[3] Satellite remote sensing of aerosols is the only way to perform global aerosol measurement for multidecadal time periods [Kaufman et al., 2002; King et al., 1999; Mishchenko et al., 2007b]. There are several factors in passive satellite aerosol remote sensing that are critical in determining the quality of retrieved aerosol optical thickness (AOT) as well as the truthfulness of the AOT trend derived from the corresponding long-term AOT products [Li et al., 2009]. The first factor is instrument calibration. Calibration errors may corrupt the accuracy of retrieved AOT and cause spurious AOT long-term trend [e.g., Mishchenko and Geogdzhayev, 2007a; Zhang and Reid, 2010; Zhao et al., 2008]. The second factor is the aerosol model assumption, especially the absorption properties and size distribution, which may impact the accuracy of retrieved AOT as well as change the sign of the AOT trend [e.g., Jeong et al., 2005; Mishchenko et al., 2012; Zhao et al., 2008]. The third factor is surface disturbance caused by rough ocean surface. Errors in the treatment of the surface roughness associated with surface wind may infect the AOT quality and result in false AOT trend [e.g., Jeong and Li, 2005; Jeong et al., 2005; Mishchenko and Geogdzhayev, 2007a]. The last factor is the subpixel cloud contamination due to incomplete cloud screening. Actually, cloud contamination is also a very disturbing issue for the surface aerosol remote sensing [e.g., Smirnov et al., 2000; Yoon et al., 2012]. This paper will focus specifically on the analysis of cloud contamination on the aerosol retrieval from the advanced very high resolution radiometer (AVHRR).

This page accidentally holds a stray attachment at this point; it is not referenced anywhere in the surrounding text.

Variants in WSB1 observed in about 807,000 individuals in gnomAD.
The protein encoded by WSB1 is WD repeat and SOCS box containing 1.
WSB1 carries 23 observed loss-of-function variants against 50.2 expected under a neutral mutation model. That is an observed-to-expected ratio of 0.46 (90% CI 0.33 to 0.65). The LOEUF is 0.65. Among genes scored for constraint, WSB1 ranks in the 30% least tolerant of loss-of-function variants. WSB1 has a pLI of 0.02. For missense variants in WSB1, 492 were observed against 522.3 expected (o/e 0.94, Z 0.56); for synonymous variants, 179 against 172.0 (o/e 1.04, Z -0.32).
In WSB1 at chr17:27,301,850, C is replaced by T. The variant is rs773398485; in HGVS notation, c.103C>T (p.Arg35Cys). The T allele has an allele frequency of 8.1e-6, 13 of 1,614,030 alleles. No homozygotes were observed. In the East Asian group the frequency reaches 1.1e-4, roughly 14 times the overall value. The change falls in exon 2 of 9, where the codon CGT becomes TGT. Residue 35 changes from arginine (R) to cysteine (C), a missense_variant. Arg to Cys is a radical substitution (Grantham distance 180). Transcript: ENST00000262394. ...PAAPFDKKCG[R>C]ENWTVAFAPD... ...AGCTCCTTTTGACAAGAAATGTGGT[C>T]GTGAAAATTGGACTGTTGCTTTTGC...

[4] Subpixel cloud contamination may corrupt the quality of passive satellite aerosol remote sensing. This is because all satellite aerosol retrieval algorithms perform retrieval for cloud-free pixels identified by the cloud screening schemes. It is hard to completely avoid misclassifying pixels containing some clouds as cloud free since there are always some clouds (called subpixel clouds) smaller than the pixel size of satellite measurements. As a result, both global analyses [e.g., de Vries and Wagner, 2011; Jeong and Li, 2005; Jeong et al., 2005; Kaufman et al., 2005; Liu et al., 2009; Zhao et al., 2005a] and regional case studies [e.g., Gao et al., 2002; Heidinger et al., 2002b; Huang et al., 2011; Zhang et al., 2005; Zhao et al., 2009, 2005b] have been performed to investigate the cloud contamination and its effect on the aerosol products derived from passive remote sensing measurements of various satellite instruments. These studies found out that cloud contamination generally produces a positive bias on aerosol optical thickness (a column amount parameter) and a negative bias on aerosol Ångström exponent (a size parameter) since clouds generally have a higher reflectance and lower spectral dependence than aerosols.